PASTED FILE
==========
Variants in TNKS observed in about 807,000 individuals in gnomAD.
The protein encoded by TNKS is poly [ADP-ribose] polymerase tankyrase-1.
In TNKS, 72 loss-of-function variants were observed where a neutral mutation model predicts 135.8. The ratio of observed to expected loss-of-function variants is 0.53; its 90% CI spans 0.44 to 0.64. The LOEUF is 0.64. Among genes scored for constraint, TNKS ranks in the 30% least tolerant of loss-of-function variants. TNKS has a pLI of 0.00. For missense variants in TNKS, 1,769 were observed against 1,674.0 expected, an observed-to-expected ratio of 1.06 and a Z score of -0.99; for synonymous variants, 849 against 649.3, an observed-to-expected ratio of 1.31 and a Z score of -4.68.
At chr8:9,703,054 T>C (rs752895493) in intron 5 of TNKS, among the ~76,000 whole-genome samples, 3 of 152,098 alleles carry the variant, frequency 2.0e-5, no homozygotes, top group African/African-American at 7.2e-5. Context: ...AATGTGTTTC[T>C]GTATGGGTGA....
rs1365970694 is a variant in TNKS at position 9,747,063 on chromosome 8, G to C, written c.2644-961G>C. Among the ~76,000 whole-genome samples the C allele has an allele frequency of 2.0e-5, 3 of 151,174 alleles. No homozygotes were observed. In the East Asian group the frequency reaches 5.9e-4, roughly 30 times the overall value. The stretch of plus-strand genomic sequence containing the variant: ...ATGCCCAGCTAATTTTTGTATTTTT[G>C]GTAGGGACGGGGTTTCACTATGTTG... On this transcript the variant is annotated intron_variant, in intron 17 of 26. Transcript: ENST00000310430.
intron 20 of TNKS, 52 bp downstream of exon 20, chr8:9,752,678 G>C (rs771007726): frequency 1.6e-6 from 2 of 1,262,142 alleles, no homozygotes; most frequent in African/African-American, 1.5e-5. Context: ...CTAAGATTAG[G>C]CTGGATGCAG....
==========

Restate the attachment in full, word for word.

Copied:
Variants in TNKS observed in about 807,000 individuals in gnomAD.
The protein encoded by TNKS is poly [ADP-ribose] polymerase tankyrase-1.
In TNKS, 72 loss-of-function variants were observed where a neutral mutation model predicts 135.8. The ratio of observed to expected loss-of-function variants is 0.53; its 90% CI spans 0.44 to 0.64. The LOEUF is 0.64. Among genes scored for constraint, TNKS ranks in the 30% least tolerant of loss-of-function variants. TNKS has a pLI of 0.00. For missense variants in TNKS, 1,769 were observed against 1,674.0 expected, an observed-to-expected ratio of 1.06 and a Z score of -0.99; for synonymous variants, 849 against 649.3, an observed-to-expected ratio of 1.31 and a Z score of -4.68.
At chr8:9,703,054 T>C (rs752895493) in intron 5 of TNKS, among the ~76,000 whole-genome samples, 3 of 152,098 alleles carry the variant, frequency 2.0e-5, no homozygotes, top group African/African-American at 7.2e-5. Context: ...AATGTGTTTC[T>C]GTATGGGTGA....
rs1365970694 is a variant in TNKS at position 9,747,063 on chromosome 8, G to C, written c.2644-961G>C. Among the ~76,000 whole-genome samples the C allele has an allele frequency of 2.0e-5, 3 of 151,174 alleles. No homozygotes were observed. In the East Asian group the frequency reaches 5.9e-4, roughly 30 times the overall value. The stretch of plus-strand genomic sequence containing the variant: ...ATGCCCAGCTAATTTTTGTATTTTT[G>C]GTAGGGACGGGGTTTCACTATGTTG... On this transcript the variant is annotated intron_variant, in intron 17 of 26. Transcript: ENST00000310430.
intron 20 of TNKS, 52 bp downstream of exon 20, chr8:9,752,678 G>C (rs771007726): frequency 1.6e-6 from 2 of 1,262,142 alleles, no homozygotes; most frequent in African/African-American, 1.5e-5. Context: ...CTAAGATTAG[G>C]CTGGATGCAG....